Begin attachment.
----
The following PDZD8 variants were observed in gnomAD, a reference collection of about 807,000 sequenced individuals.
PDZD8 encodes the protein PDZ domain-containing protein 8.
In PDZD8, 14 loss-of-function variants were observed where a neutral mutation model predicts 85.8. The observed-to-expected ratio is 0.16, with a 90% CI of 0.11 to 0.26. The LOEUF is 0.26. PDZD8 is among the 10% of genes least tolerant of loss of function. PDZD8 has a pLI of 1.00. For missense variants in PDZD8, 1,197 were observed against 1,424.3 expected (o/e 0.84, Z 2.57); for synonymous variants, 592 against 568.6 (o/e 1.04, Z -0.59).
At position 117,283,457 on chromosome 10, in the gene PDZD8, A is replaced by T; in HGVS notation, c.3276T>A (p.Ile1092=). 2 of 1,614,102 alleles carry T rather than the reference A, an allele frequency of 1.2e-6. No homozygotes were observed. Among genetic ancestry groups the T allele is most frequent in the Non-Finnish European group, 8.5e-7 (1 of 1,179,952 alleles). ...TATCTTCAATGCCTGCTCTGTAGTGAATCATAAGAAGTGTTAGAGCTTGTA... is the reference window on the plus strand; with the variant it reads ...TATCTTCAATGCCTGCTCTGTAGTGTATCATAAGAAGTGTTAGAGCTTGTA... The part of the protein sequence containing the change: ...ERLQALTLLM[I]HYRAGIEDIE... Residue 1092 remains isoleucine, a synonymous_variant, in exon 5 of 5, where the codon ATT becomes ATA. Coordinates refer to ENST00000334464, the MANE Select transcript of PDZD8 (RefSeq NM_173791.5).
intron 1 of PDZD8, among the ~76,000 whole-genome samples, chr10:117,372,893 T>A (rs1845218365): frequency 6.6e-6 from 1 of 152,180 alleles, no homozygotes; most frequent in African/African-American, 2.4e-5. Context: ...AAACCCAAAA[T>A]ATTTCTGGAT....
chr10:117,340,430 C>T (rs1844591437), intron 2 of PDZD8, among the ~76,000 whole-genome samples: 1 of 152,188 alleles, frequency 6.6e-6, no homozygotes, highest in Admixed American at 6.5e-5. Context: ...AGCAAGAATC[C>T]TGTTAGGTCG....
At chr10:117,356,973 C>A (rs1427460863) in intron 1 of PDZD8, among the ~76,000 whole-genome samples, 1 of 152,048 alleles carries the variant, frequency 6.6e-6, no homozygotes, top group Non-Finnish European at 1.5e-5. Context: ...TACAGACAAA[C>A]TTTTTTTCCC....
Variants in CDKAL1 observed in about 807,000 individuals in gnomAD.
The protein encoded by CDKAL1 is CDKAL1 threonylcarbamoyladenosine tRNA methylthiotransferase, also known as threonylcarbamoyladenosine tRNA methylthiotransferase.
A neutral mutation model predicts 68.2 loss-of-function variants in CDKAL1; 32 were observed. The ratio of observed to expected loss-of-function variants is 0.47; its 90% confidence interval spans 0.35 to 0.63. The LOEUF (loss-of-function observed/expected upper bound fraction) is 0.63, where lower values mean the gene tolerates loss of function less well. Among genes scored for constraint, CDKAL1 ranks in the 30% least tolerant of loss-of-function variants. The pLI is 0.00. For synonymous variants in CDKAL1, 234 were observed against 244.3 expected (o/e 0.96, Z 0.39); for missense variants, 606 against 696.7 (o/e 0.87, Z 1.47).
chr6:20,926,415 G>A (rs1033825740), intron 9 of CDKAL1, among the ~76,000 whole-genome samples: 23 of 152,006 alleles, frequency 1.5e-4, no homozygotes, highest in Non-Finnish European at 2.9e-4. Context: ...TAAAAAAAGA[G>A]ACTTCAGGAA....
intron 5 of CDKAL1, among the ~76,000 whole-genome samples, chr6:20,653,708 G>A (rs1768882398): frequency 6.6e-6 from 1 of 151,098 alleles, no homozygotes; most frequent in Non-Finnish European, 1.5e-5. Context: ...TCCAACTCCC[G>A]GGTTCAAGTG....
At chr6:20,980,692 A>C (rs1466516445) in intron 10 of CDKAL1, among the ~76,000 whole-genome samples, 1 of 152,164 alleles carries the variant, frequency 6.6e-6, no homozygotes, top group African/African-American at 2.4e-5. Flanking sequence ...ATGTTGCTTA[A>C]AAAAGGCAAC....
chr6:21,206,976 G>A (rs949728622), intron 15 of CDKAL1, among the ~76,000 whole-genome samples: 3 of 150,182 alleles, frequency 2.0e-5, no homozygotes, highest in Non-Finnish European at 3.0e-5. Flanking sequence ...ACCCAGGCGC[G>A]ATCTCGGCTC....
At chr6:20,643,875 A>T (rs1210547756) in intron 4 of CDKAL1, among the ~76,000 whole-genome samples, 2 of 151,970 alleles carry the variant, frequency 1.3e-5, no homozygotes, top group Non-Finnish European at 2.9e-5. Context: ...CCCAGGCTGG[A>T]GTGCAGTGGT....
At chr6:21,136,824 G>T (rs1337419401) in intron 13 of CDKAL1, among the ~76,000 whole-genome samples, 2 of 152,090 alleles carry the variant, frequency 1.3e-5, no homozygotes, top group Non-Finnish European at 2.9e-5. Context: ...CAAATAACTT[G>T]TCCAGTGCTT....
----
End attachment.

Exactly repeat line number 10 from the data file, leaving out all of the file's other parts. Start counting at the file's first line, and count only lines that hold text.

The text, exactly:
A neutral mutation model predicts 68.2 loss-of-function variants in CDKAL1; 32 were observed. The ratio of observed to expected loss-of-function variants is 0.47; its 90% confidence interval spans 0.35 to 0.63. The LOEUF (loss-of-function observed/expected upper bound fraction) is 0.63, where lower values mean the gene tolerates loss of function less well. Among genes scored for constraint, CDKAL1 ranks in the 30% least tolerant of loss-of-function variants. The pLI is 0.00. For synonymous variants in CDKAL1, 234 were observed against 244.3 expected (o/e 0.96, Z 0.39); for missense variants, 606 against 696.7 (o/e 0.87, Z 1.47).